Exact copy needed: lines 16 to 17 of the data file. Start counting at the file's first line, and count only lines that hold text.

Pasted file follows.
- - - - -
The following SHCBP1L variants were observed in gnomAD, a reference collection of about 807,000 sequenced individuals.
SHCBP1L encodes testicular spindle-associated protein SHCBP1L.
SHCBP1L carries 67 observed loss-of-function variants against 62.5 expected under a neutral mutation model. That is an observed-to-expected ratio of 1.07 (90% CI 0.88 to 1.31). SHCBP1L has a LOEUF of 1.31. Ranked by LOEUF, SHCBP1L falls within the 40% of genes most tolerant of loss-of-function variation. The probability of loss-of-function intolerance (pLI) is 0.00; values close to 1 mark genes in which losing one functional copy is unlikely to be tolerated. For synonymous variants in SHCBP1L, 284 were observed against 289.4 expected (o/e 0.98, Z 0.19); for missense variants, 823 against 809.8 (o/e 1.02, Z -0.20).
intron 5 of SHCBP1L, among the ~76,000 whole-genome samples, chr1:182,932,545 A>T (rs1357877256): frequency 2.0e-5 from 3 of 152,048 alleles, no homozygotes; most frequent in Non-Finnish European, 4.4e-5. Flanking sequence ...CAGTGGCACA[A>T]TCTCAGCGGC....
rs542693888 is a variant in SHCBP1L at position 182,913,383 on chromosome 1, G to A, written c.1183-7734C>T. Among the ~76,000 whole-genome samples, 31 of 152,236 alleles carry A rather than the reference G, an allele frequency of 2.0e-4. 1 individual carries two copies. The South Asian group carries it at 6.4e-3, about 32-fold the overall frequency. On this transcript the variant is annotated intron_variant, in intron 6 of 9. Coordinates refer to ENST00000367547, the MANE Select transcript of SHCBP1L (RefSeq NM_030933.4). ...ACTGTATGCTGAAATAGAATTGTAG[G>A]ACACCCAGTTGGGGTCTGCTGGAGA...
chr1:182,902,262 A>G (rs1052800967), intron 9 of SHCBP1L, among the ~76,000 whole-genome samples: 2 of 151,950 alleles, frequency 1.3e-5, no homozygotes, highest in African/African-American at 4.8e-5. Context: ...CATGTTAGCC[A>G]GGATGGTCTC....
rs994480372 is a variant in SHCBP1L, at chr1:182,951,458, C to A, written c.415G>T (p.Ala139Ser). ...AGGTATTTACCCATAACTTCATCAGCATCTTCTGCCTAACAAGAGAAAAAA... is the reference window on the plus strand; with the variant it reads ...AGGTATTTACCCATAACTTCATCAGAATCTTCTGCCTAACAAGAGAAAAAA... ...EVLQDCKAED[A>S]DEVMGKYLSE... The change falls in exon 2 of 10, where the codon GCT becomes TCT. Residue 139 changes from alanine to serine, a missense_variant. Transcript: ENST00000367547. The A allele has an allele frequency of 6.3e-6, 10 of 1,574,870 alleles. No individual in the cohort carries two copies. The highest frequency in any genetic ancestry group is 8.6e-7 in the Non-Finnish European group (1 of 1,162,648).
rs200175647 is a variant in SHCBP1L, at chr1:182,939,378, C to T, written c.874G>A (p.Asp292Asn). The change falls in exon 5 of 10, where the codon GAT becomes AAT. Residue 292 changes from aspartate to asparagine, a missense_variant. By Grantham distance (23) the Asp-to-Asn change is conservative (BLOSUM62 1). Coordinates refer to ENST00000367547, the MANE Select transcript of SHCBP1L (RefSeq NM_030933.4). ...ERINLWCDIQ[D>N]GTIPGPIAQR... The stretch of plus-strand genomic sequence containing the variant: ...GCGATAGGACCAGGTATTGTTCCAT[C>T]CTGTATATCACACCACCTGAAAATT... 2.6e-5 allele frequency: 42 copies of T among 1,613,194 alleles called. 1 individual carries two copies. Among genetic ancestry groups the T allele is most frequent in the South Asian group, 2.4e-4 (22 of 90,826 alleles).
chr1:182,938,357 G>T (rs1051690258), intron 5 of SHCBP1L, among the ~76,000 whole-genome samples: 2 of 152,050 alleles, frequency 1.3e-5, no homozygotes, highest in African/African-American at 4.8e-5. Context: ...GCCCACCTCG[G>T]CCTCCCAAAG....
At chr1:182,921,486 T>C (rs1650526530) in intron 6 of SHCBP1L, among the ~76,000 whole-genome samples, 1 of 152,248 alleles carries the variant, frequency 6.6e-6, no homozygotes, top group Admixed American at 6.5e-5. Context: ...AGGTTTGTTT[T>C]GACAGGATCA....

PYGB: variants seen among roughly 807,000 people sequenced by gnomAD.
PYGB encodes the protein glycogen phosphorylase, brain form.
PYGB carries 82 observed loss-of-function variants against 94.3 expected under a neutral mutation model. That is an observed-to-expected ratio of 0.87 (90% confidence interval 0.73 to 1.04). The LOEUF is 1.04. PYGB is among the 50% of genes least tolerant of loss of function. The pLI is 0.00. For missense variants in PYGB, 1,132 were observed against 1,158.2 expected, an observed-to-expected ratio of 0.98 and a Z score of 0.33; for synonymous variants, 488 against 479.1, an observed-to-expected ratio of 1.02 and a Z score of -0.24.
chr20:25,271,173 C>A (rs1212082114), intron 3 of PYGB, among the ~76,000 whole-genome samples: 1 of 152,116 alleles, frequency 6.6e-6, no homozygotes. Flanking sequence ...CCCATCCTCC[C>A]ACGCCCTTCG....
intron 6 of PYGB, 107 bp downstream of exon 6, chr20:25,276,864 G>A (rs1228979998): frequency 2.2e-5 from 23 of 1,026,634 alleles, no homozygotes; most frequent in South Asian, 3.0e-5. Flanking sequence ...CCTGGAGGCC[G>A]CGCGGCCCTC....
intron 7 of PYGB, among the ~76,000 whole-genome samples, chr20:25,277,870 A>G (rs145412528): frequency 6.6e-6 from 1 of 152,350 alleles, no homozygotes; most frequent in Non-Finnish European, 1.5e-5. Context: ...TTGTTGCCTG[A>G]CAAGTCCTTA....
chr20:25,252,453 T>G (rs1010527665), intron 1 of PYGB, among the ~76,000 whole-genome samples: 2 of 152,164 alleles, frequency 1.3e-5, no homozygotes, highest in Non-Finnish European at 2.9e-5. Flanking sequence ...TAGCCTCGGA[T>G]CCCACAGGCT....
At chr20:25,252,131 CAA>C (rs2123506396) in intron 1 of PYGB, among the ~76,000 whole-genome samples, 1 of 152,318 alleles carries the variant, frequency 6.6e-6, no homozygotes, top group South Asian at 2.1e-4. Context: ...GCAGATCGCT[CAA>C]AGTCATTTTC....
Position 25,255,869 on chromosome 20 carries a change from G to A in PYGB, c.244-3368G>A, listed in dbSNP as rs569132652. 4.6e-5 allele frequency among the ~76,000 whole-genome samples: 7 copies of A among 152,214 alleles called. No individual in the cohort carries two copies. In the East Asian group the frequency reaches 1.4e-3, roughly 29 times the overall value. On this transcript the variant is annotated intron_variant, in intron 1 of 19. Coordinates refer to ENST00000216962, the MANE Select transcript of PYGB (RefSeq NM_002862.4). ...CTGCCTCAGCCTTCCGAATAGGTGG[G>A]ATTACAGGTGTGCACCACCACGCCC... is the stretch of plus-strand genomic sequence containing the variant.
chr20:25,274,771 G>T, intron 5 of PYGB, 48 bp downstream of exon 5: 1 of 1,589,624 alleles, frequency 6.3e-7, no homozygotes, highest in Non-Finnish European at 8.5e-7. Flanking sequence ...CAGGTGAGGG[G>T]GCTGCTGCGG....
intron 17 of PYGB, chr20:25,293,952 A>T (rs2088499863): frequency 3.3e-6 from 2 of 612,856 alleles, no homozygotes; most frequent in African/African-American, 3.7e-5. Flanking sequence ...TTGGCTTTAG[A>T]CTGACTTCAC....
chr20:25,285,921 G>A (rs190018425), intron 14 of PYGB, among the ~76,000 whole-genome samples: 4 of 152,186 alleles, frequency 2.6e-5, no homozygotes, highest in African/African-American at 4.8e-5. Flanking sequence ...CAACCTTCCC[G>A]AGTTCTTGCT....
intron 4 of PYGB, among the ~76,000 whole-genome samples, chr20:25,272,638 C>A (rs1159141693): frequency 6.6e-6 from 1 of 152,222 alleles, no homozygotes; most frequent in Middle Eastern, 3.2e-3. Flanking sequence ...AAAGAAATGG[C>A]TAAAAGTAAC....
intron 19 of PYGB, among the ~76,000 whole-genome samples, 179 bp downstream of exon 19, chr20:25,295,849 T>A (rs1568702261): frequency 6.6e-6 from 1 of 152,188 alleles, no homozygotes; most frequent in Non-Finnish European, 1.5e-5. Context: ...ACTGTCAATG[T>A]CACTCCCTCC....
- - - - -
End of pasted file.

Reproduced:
intron 7 of PYGB, among the ~76,000 whole-genome samples, chr20:25,277,870 A>G (rs145412528): frequency 6.6e-6 from 1 of 152,350 alleles, no homozygotes; most frequent in Non-Finnish European, 1.5e-5. Context: ...TTGTTGCCTG[A>G]CAAGTCCTTA....
chr20:25,252,453 T>G (rs1010527665), intron 1 of PYGB, among the ~76,000 whole-genome samples: 2 of 152,164 alleles, frequency 1.3e-5, no homozygotes, highest in Non-Finnish European at 2.9e-5. Flanking sequence ...TAGCCTCGGA[T>G]CCCACAGGCT....